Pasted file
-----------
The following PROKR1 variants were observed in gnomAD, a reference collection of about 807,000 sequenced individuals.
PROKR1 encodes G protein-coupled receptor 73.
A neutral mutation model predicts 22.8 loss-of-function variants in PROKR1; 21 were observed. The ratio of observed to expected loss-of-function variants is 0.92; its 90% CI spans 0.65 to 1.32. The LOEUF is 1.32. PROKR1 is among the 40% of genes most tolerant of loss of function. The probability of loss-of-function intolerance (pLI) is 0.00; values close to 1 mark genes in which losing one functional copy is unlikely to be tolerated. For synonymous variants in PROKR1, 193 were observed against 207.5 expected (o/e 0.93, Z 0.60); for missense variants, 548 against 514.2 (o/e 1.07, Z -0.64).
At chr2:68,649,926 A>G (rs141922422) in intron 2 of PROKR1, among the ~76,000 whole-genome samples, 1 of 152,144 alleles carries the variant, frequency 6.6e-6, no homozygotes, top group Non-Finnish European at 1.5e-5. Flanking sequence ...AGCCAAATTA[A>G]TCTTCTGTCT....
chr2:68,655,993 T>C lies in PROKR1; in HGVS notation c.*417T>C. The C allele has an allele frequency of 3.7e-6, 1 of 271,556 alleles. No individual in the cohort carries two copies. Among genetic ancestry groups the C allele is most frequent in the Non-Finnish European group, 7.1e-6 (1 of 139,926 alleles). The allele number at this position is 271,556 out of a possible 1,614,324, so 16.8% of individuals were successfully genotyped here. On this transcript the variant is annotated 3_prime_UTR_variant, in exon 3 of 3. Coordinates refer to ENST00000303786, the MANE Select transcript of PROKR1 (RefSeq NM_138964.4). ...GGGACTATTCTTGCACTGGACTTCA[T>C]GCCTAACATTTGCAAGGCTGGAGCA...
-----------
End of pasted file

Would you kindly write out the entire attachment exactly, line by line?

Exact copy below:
The following PROKR1 variants were observed in gnomAD, a reference collection of about 807,000 sequenced individuals.
PROKR1 encodes G protein-coupled receptor 73.
A neutral mutation model predicts 22.8 loss-of-function variants in PROKR1; 21 were observed. The ratio of observed to expected loss-of-function variants is 0.92; its 90% CI spans 0.65 to 1.32. The LOEUF is 1.32. PROKR1 is among the 40% of genes most tolerant of loss of function. The probability of loss-of-function intolerance (pLI) is 0.00; values close to 1 mark genes in which losing one functional copy is unlikely to be tolerated. For synonymous variants in PROKR1, 193 were observed against 207.5 expected (o/e 0.93, Z 0.60); for missense variants, 548 against 514.2 (o/e 1.07, Z -0.64).
At chr2:68,649,926 A>G (rs141922422) in intron 2 of PROKR1, among the ~76,000 whole-genome samples, 1 of 152,144 alleles carries the variant, frequency 6.6e-6, no homozygotes, top group Non-Finnish European at 1.5e-5. Flanking sequence ...AGCCAAATTA[A>G]TCTTCTGTCT....
chr2:68,655,993 T>C lies in PROKR1; in HGVS notation c.*417T>C. The C allele has an allele frequency of 3.7e-6, 1 of 271,556 alleles. No individual in the cohort carries two copies. Among genetic ancestry groups the C allele is most frequent in the Non-Finnish European group, 7.1e-6 (1 of 139,926 alleles). The allele number at this position is 271,556 out of a possible 1,614,324, so 16.8% of individuals were successfully genotyped here. On this transcript the variant is annotated 3_prime_UTR_variant, in exon 3 of 3. Coordinates refer to ENST00000303786, the MANE Select transcript of PROKR1 (RefSeq NM_138964.4). ...GGGACTATTCTTGCACTGGACTTCA[T>C]GCCTAACATTTGCAAGGCTGGAGCA...